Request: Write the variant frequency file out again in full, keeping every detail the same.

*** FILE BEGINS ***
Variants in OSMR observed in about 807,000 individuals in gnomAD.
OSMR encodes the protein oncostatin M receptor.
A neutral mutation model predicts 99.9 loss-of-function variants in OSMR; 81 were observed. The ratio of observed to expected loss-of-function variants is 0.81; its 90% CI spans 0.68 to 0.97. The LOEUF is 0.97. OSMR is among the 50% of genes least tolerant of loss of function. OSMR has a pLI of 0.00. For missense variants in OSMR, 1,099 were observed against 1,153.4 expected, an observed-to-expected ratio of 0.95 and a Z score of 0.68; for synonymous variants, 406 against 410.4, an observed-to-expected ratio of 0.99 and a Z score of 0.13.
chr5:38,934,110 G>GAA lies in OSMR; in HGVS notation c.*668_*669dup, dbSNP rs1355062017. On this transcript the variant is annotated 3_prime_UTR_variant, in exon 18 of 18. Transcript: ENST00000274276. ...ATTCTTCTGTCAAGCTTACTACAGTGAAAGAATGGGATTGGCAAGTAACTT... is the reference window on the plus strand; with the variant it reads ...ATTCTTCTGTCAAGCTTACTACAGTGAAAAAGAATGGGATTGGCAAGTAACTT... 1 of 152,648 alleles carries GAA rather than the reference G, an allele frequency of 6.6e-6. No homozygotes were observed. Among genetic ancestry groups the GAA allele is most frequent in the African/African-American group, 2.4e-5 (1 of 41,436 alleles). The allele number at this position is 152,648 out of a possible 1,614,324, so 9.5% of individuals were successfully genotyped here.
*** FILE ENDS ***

Variants in OSMR observed in about 807,000 individuals in gnomAD.
OSMR encodes the protein oncostatin M receptor.
A neutral mutation model predicts 99.9 loss-of-function variants in OSMR; 81 were observed. The ratio of observed to expected loss-of-function variants is 0.81; its 90% CI spans 0.68 to 0.97. The LOEUF is 0.97. OSMR is among the 50% of genes least tolerant of loss of function. OSMR has a pLI of 0.00. For missense variants in OSMR, 1,099 were observed against 1,153.4 expected, an observed-to-expected ratio of 0.95 and a Z score of 0.68; for synonymous variants, 406 against 410.4, an observed-to-expected ratio of 0.99 and a Z score of 0.13.
chr5:38,934,110 G>GAA lies in OSMR; in HGVS notation c.*668_*669dup, dbSNP rs1355062017. On this transcript the variant is annotated 3_prime_UTR_variant, in exon 18 of 18. Transcript: ENST00000274276. ...ATTCTTCTGTCAAGCTTACTACAGTGAAAGAATGGGATTGGCAAGTAACTT... is the reference window on the plus strand; with the variant it reads ...ATTCTTCTGTCAAGCTTACTACAGTGAAAAAGAATGGGATTGGCAAGTAACTT... 1 of 152,648 alleles carries GAA rather than the reference G, an allele frequency of 6.6e-6. No homozygotes were observed. Among genetic ancestry groups the GAA allele is most frequent in the African/African-American group, 2.4e-5 (1 of 41,436 alleles). The allele number at this position is 152,648 out of a possible 1,614,324, so 9.5% of individuals were successfully genotyped here.